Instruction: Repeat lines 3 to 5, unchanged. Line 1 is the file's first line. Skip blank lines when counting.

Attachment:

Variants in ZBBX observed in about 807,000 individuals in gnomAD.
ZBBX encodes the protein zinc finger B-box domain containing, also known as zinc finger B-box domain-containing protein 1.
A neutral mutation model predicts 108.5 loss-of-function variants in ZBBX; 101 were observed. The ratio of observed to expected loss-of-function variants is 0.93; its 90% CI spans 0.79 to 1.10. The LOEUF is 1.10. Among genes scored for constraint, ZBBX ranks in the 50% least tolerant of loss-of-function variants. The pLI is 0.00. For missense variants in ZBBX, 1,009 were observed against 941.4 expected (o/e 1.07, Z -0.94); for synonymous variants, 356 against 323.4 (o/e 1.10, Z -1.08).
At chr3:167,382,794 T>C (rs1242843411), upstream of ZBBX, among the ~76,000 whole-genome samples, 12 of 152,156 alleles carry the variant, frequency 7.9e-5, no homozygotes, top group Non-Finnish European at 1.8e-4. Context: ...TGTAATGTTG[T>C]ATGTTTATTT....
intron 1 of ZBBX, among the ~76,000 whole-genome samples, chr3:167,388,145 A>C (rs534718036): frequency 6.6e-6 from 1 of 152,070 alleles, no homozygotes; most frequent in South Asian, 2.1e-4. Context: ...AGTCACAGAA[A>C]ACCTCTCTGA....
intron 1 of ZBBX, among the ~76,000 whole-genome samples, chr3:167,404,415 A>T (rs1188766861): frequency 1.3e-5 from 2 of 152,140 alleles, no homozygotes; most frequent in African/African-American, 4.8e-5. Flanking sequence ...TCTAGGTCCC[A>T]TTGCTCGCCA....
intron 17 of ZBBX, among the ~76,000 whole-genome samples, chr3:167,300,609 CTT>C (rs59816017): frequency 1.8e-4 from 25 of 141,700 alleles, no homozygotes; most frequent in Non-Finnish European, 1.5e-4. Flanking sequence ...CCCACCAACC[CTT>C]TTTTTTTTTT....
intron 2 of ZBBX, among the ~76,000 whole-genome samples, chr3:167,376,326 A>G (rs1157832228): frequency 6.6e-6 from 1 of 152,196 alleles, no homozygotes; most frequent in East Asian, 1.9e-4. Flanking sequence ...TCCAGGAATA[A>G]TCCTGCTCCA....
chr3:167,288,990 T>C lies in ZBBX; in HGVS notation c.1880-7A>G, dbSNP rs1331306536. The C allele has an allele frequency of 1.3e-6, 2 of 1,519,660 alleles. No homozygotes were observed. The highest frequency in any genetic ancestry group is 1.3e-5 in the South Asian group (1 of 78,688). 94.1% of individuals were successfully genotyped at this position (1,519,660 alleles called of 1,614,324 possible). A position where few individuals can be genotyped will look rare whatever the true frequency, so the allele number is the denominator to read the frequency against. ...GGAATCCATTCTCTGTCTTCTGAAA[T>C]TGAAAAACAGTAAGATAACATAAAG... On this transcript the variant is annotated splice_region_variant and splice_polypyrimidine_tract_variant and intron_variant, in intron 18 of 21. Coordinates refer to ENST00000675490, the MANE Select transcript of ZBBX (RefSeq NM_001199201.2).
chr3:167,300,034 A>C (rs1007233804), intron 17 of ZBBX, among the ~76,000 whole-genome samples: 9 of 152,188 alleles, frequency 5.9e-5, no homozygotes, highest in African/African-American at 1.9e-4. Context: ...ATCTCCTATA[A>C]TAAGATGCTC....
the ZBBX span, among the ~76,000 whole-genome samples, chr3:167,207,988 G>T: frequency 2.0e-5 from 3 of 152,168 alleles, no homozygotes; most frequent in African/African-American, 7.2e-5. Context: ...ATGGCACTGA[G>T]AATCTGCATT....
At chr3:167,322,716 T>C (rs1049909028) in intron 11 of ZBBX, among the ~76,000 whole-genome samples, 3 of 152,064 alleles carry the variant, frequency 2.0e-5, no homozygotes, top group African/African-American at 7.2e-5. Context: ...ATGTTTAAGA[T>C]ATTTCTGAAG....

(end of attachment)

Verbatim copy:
A neutral mutation model predicts 108.5 loss-of-function variants in ZBBX; 101 were observed. The ratio of observed to expected loss-of-function variants is 0.93; its 90% CI spans 0.79 to 1.10. The LOEUF is 1.10. Among genes scored for constraint, ZBBX ranks in the 50% least tolerant of loss-of-function variants. The pLI is 0.00. For missense variants in ZBBX, 1,009 were observed against 941.4 expected (o/e 1.07, Z -0.94); for synonymous variants, 356 against 323.4 (o/e 1.10, Z -1.08).
At chr3:167,382,794 T>C (rs1242843411), upstream of ZBBX, among the ~76,000 whole-genome samples, 12 of 152,156 alleles carry the variant, frequency 7.9e-5, no homozygotes, top group Non-Finnish European at 1.8e-4. Context: ...TGTAATGTTG[T>C]ATGTTTATTT....
intron 1 of ZBBX, among the ~76,000 whole-genome samples, chr3:167,388,145 A>C (rs534718036): frequency 6.6e-6 from 1 of 152,070 alleles, no homozygotes; most frequent in South Asian, 2.1e-4. Context: ...AGTCACAGAA[A>C]ACCTCTCTGA....